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Building momentum

The Gazette speaks to Teri Shearer about how she is advancing diversity and inclusivity efforts on campus.

In spring of 2017, Teri Shearer’s role as Deputy Provost (Academic Operations and Inclusion) was expanded to take on leadership for diversity and inclusivity. In this interview, the Gazette speaks with Dr. Shearer about the importance of diversity and her work since the spring.

Teri Shearer, Deputy Provost. (University Communications)
Teri Shearer, Deputy Provost (Academic Operations and Inclusion). (University Communications)


Why are diversity and inclusivity important to Queen’s, and why should these matter to staff, faculty, students, and alumni?

It’s about excellence in our research, teaching, learning, and overall experience.

We’re all justifiably very proud of the student experience that is kind of a defining feature of Queen’s. If we do not make the student experience inclusive of the diversity of all our students, we’ll lose that strength that Queen’s has historically had.

The world is globalized. If we don’t reflect the diversity of the Canadian workforce and population, we simply won’t be able to maintain excellence. Research study after research study proves that diverse groups of individuals make better decisions. In our context, being a more diverse university means better pedagogy and more creativity in scholarship.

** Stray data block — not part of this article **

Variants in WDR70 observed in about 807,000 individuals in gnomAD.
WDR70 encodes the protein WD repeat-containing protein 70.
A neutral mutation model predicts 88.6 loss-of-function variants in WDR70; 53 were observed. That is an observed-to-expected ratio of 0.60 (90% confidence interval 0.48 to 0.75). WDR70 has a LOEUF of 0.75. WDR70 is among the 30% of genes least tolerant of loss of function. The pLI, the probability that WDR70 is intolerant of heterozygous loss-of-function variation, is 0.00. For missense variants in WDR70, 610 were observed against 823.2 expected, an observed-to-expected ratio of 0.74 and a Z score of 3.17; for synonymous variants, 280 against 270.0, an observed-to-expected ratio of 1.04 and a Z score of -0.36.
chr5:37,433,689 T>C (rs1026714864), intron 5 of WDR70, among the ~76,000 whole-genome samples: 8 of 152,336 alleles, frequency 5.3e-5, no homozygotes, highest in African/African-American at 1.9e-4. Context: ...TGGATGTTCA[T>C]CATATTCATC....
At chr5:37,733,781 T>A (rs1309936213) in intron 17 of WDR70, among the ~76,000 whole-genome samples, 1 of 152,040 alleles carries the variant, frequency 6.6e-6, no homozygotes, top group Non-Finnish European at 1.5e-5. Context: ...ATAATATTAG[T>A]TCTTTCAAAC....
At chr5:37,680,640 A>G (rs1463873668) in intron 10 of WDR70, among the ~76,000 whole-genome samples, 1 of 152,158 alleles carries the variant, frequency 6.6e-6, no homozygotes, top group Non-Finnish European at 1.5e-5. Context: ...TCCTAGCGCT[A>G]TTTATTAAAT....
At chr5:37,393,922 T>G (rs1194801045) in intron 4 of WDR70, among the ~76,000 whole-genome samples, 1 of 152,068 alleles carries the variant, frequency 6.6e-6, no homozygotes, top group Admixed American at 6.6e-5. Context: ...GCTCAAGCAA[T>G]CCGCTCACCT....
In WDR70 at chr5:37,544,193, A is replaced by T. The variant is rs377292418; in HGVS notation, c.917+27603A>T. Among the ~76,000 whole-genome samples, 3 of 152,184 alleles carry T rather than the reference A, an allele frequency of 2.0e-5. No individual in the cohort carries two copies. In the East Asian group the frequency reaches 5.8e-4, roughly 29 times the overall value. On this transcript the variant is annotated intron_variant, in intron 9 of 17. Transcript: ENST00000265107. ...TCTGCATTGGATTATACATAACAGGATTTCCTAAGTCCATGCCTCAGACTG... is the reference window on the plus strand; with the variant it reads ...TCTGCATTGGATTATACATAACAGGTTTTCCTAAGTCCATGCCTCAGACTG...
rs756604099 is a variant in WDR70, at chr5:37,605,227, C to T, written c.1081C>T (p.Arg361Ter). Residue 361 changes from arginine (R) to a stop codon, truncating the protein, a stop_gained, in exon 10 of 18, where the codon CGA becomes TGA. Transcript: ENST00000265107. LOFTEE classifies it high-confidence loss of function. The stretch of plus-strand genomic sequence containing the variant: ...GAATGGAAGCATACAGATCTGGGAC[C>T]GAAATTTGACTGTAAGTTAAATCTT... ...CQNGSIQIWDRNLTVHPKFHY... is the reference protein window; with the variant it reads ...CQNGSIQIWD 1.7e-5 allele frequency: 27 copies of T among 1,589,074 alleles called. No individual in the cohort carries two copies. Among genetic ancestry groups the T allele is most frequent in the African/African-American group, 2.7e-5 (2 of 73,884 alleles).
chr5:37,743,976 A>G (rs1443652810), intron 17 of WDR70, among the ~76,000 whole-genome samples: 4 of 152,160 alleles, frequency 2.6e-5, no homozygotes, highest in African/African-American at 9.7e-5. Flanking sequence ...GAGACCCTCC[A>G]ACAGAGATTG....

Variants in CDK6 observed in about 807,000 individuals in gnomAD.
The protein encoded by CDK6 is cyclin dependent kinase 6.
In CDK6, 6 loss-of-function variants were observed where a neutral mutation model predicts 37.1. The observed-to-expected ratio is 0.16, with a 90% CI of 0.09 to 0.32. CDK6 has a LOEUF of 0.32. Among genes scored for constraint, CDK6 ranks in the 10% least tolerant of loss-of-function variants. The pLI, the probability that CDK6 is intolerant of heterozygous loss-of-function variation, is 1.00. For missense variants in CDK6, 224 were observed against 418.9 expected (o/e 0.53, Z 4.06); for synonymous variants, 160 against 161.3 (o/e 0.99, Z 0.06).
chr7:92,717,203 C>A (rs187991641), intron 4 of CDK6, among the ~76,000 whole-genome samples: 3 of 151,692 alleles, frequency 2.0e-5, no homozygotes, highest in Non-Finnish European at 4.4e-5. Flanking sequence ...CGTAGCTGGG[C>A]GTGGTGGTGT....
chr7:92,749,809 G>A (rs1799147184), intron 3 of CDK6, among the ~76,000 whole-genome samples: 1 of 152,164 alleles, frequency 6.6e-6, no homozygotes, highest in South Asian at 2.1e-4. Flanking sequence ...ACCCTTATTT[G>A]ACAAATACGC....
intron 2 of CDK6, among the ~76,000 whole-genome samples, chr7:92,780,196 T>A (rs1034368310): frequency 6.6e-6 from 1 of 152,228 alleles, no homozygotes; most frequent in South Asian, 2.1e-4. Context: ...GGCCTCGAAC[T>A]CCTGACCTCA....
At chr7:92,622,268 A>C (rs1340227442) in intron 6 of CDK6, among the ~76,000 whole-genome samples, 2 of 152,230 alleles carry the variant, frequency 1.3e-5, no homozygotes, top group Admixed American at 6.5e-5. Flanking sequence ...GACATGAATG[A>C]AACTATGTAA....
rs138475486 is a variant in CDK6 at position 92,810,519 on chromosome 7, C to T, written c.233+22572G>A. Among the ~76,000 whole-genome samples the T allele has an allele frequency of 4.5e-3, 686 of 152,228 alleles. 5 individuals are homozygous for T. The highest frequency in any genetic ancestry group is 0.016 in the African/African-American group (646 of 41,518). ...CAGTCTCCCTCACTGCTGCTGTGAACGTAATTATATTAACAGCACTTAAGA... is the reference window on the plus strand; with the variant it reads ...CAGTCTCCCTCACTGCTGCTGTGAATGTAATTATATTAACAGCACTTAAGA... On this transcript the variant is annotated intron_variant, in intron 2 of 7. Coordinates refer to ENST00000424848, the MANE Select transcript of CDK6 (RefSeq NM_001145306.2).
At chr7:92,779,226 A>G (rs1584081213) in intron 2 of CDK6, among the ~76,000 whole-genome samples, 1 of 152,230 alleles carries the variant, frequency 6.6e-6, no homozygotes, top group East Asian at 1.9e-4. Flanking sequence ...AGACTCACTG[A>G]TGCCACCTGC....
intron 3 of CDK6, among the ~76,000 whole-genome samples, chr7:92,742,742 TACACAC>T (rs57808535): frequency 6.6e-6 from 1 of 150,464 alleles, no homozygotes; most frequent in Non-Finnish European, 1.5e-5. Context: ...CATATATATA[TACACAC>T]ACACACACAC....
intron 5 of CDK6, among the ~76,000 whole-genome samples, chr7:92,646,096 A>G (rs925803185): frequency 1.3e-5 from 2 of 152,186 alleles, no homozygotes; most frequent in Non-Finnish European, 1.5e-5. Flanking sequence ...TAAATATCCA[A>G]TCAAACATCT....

What have been some of your first priorities and actions in your expanded role?

The university has commissioned two strong reports to help us build a more inclusive campus, including the Principal’s Implementation Committee on Racism, Diversity, and Inclusion (PICRDI) report and the Truth and Reconciliation Commission Task Force final report. We are taking both reports seriously.

It was important that we move quickly once the reports were released this spring. I spent the summer planning, preparing, and listening so we could be ready to hit the ground running this fall.

My first priority was to hire our inaugural Director of Indigenous Initiatives, and I am looking forward to continuing to work with Kanonhsyonne (Janice Hill) in this new role.

Another priority was to establish the inaugural University Council on Anti-Racism and Equity (UCARE). This group will help inform the overall vision and strategy for the university, and in particular will help ensure we continue to make progress on these important goals while building a two-way dialogue with equity-seeking groups on our campus.

At the same time, I have started working with the Equity Office and Human Rights Office to ensure, when we are hiring new staff members, that we are building employment equity into the process. We are also rolling out equity training for all employees in the coming years, starting with senior administrators this year.

“Things are being done at a departmental level, an individual level, a Faculty and School level, at a central level, and in the shared services…if we keep this momentum going, we will make a real difference. -Dr. Teri Shearer


Could you tell us more about those employment equity practices?

Not only is it is essential that we increase the diversity of our students, but we also need to diversify our staff and faculty. We have defined what we need to do to and have started to act on it.